Who brought this lot out?

Image of demonstratorsThere is an interesting “sketch” piece on the BBC’s website about this afternoon’s rally outside Parliament against the proposed “religious hatred” law. (To be honest, I was considering going as I finished work around 2:30pm, but for various reasons I decided against it, and sort of wish I had gone now.) The article is called Singing from the same hymn sheet, and gives a strange image of those involved: a mixture of evangelical Christians and atheists who are worried about their criticisms of Islam (in particular) laying them open to prosecution. (More: Osama Saeed.)

Another picture on the same page shows rather more of the protestors, who are not as predominantly black as is suggested by the picture above. They were joined by two politicians of the Democratic Unionist Party - AKA the Ian Paisley Party - from Northern Ireland, one of whom is pictured “leading a rendition of Amazing Grace”. The evangelical contingent comes out with some rather strange slogans for a demonstration against the outlawing of what some people have taken to calling incitement to religious hatred:

Indeed, the beltway opposite Parliament seemed to have transformed into a gospel choir stall in the shadow of Westminster Abbey.

“Stand up, stand up for Jesus, ye soldiers of the cross; Lift high His royal banner, it must not suffer loss,” they sang.

And with it, a sea of banners from about 400 protesters were lifted high, bearing such slogans as: “the blood of Jesus Christ”, “the holy spirit and fire” and “woe unto them that decree unrighteous decrees”.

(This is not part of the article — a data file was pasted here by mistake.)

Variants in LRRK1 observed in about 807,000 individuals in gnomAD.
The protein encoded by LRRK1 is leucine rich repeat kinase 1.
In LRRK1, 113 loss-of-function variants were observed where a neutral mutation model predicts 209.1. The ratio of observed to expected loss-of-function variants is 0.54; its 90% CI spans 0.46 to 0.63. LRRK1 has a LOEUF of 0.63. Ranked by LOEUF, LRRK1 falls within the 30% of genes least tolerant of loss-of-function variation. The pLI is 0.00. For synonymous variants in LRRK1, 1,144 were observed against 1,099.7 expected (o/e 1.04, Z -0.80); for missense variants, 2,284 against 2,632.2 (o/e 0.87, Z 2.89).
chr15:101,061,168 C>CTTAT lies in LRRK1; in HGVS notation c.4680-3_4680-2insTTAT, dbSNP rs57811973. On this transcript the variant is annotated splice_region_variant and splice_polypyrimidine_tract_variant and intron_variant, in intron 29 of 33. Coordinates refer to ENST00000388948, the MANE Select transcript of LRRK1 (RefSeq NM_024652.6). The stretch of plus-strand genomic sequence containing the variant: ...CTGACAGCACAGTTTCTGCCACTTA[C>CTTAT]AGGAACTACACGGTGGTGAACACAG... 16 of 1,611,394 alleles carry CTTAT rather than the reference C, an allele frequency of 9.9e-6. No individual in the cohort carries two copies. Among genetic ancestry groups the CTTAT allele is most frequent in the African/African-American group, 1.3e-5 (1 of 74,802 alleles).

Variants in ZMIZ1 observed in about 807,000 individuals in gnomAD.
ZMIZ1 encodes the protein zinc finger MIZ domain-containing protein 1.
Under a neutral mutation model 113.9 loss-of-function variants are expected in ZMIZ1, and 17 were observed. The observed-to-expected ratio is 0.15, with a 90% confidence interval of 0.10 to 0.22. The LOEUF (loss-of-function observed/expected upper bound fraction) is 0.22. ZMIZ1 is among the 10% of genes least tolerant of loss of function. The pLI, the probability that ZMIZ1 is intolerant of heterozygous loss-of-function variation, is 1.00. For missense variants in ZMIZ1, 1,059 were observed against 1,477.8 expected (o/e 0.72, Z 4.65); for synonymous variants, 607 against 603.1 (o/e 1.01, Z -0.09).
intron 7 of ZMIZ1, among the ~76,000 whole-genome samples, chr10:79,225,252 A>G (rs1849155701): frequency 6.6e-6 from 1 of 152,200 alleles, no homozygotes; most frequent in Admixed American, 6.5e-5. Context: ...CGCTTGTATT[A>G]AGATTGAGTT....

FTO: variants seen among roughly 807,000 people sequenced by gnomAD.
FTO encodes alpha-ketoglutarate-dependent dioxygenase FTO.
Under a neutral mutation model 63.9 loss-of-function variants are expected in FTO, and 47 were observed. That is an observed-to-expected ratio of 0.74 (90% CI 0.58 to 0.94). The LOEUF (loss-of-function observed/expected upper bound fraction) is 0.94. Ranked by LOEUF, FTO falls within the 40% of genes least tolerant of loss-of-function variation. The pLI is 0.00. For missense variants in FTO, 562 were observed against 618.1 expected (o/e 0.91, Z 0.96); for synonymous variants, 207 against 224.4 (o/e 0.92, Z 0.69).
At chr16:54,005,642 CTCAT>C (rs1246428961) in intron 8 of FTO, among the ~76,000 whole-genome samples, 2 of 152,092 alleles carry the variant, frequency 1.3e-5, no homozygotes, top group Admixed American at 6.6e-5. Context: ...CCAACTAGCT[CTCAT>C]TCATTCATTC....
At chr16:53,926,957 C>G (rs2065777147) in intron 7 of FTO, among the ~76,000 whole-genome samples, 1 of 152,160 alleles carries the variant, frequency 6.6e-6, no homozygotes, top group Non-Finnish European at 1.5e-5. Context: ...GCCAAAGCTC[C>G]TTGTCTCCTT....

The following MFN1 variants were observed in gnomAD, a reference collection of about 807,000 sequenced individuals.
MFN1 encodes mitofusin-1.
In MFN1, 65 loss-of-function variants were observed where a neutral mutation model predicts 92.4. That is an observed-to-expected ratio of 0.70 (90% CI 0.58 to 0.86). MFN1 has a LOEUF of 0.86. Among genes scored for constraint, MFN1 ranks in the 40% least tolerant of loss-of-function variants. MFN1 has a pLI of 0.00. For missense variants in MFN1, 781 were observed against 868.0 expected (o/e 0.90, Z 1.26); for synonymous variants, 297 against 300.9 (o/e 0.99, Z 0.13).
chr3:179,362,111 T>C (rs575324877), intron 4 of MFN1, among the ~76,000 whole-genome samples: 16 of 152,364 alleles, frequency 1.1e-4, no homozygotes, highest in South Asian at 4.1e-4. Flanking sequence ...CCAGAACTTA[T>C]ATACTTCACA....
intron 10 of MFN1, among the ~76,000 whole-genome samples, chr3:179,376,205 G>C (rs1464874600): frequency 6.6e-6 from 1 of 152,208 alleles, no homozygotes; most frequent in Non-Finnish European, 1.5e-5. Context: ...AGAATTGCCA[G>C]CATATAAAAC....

And this is what the DUP contingent had to contribute:

Democratic Unionist MP Sammy Wilson proclaimed to cheers and hallelujahs how Christianity had spanned 2,000 years and did not need protection from Tony Blair or his new legislation.

“People are queuing up to use this legislation to stop people preaching what they want,” he said.

His DUP colleague Willie McCrea declared: “I do not care what man says, I am not ashamed of the Gospel of Christ.”

The article doesn’t explain from what religious organisation the black evangelicals came from. I say this because areas of south London with a high African presence have a large number of fringe churches with names which would sound very strange to anyone from a traditionally Christian background. Many of them are “charismatic”, meaning heavily focussed around a preacher, and some have outlandish beliefs, such as obsessions with demons or witchcraft. Of course, this type of religion is sometimes known to attract whites as well, but it is particularly prevalent among people from sub-Saharan Africa. Given the hostility which exists between Christians and Muslims in some parts of Africa, I suspect that protection for Christian preaching is not the motive for their participation, or at least, its organisation.

By the way, you can read the bill for yourself at the Parliament website. “Religious hatred” is the term: its definition, which is the important bit, is “hatred against a group of persons defined by reference to religious belief or lack of religious belief”. So you can’t read anything you like into “religious hatred” itself, such as hatred founded on religion, because religious hatred is specifically defined as something else. In addition, the Commons narrowly approved amendments passed by the House of Lords restricting the criminalised speech to the threatening, rather than merely abusive or insulting, something I consider welcome; it must, however, be noted that insults to people’s religions are commonly used as means of stirring up hostility to said people - witness the continual attacks on the marriages of the Prophet, sall’ Allahu ‘alaihi wa sallam. I fail to see why people are so opposed to the extending of racial hatred to cover hostility based on religion; the alliance of traditionally anti-religious secularists, African evangelicals and notoriously reactionary Northern Irish Protestants suggests that it’s not just about free speech.

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